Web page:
throwing the stiletto through the air and into a door, where it rang
out angrily and quivered. "I don't know as I wants to ventilate yu; we
mostly poisons coyotes up my way," he added. Then a thought struck
him. "Yu must be that dear Manuel I've been hearin' so much about?"

A snarl was the only reply and Hopalong grinned.

"Yu shore ain't got no call to go loco that way, none whatever. I
don't want yore Carmencita. I only called to say hulloo," responded
Hopalong, his sympathies being aroused for the wounded man before him
from his vivid recollection of the woman who had opened the door.

"Yah!" snarled Manuel. "You wants to poison my little bird. You with
your fair hair and your cursed swagger!"

The six-shooter tentatively expanded and stopped six inches from the
Mexican's nose. "Yu wants to ride easy, hombre. I ain't no angel, but
I don't poison no woman; an' don't yu amble off with th' idea in yore
head that she wants to be poisoned. Why, she near stuck a knife in
me!" he lied.

The Mexican's face brightened somewhat, but it would take more than
that to wipe out the insult of the blow. The horse became restless,
and when Hopalong had effectively quieted it he spoke again.

"Did yu ever hear of Tamale Jose?"

"Yes."

"Well, I'm th' fellow that stopped him in th' `dobe hut by th'
arroyo. I'm tellin' yu this so yu won't do nothin' rash an' leave
Carmencita a widow. Sabe?"

The hate on the Mexican's face redoubled and he took a short step
forward, but stopped when the muzzle of the Colt kissed his nose. He
was the brother of Tamale Jose. As he backed away from the cool touch
of the weapon he thought out swiftly his revenge. Some of his
brother's old companions were at that moment drinking mescal in a
saloon down the street, and they would be glad to see this Americano
die. He glanced past his house at the saloon and Hopalong misconstrued
his thoughts.

"Shore, go home. I'll just circulate around some for exercise. No
hard feelings, only yu better throw it next time," he said as he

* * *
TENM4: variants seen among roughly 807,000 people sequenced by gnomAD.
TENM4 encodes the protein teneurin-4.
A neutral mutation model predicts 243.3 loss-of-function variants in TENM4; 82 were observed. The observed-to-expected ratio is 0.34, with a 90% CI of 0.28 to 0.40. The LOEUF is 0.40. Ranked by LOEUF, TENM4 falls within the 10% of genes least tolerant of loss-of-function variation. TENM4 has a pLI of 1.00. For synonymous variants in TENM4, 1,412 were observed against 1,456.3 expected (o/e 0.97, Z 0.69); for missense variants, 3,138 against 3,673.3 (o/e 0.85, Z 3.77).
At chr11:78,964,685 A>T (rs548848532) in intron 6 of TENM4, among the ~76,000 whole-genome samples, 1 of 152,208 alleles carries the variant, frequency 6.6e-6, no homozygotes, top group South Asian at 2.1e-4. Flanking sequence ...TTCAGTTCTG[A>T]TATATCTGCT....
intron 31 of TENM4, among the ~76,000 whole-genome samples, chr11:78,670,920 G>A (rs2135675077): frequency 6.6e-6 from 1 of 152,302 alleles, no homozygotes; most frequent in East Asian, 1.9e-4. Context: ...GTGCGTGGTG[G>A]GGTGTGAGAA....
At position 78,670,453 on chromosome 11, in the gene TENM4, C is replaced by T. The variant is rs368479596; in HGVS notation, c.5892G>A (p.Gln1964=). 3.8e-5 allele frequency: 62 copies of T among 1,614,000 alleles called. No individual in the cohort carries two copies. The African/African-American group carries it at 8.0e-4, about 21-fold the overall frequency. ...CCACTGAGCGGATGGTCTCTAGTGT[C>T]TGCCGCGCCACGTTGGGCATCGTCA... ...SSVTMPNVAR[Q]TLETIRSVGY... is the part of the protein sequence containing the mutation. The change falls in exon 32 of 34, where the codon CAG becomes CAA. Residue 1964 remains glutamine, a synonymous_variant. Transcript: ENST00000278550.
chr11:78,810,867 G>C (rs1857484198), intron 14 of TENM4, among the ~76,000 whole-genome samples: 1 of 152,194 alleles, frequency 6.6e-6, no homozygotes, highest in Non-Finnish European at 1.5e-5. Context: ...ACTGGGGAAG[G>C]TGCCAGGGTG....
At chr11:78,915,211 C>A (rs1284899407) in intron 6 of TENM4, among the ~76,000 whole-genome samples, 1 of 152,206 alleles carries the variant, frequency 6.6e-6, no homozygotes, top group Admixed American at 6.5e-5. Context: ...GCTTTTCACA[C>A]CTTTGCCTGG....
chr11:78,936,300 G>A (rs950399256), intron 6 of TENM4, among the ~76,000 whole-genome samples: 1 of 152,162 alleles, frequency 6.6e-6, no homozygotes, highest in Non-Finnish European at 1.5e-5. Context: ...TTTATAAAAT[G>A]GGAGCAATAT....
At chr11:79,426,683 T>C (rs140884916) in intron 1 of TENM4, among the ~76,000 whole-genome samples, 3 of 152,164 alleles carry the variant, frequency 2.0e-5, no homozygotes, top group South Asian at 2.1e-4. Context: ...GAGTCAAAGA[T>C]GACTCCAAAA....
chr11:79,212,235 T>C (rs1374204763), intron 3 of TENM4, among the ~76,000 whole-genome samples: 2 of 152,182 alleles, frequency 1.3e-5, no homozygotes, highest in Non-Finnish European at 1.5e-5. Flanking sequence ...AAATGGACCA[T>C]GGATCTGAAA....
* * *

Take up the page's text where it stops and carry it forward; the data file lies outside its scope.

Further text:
backed away and rode off. Manuel went down the street and then ran
into the saloon, where he caused an uproar.

Hopalong rode to the end of the plaza and tried to sing, but it was
a dismal failure. Then he felt thirsty and wondered why he hadn't
thought of it before. Turning his horse and seeing the saloon he rode
up to it and in, lying flat on the animal's neck to avoid being swept
off by the door frame. His entrance scared white some half a dozen
loungers, who immediately sprang up in a decidedly hostile manner.
Hopalong's Colts peeped over the ears of his horse and he backed into
a corner near the bar.

"One, two, three-now, altogether, breathe! Yu acts like yu never saw
a real puncher afore. All th' same," he remarked, nodding at several
of the crowd, "I've seen yu afore. Yu are th' gents with th' hot-foot
get-a-way that vamoosed when we got Tamale."

Curses were flung at him and only the humorous mood he was in saved
trouble. One, bolder than the rest, spoke up: "The senor will not see
any `hot-foot get-a-way,' as he calls it, now! The senor was not wise
to go so far away from his friends!"'

Hopalong looked at the speaker and a quizzical grin slowly spread
over his face. "They'll shore feel glad when I tells them yu was
askin' for `em. But didn't yu see too much of `em once, or was yu
poundin' leather in the other direction? Yu don't want to worry none
about me-an' if yu don't get yore hands closter to yore neck they'll
be heck to pay! There, that's more like home," he remarked, nodding
assurance.

Reaching over he grasped a bottle and poured out a drink, his Colt
slipping from his hand and dangling from his wrist by a thong. As the
weapon started to fall several of the audience involuntarily moved as
if to pick it up. Hopalong noticed this and paused with the glass half
way to his lips. "Don't bother yoreselves none; I can git it again,"
he said, tossing off the liquor.

"Wow! Holy smoke!" he yelled. "This ain't drink! Sufferin' coyotes,
nobody can accuse yu of sellin' liquor! Did yu make this all by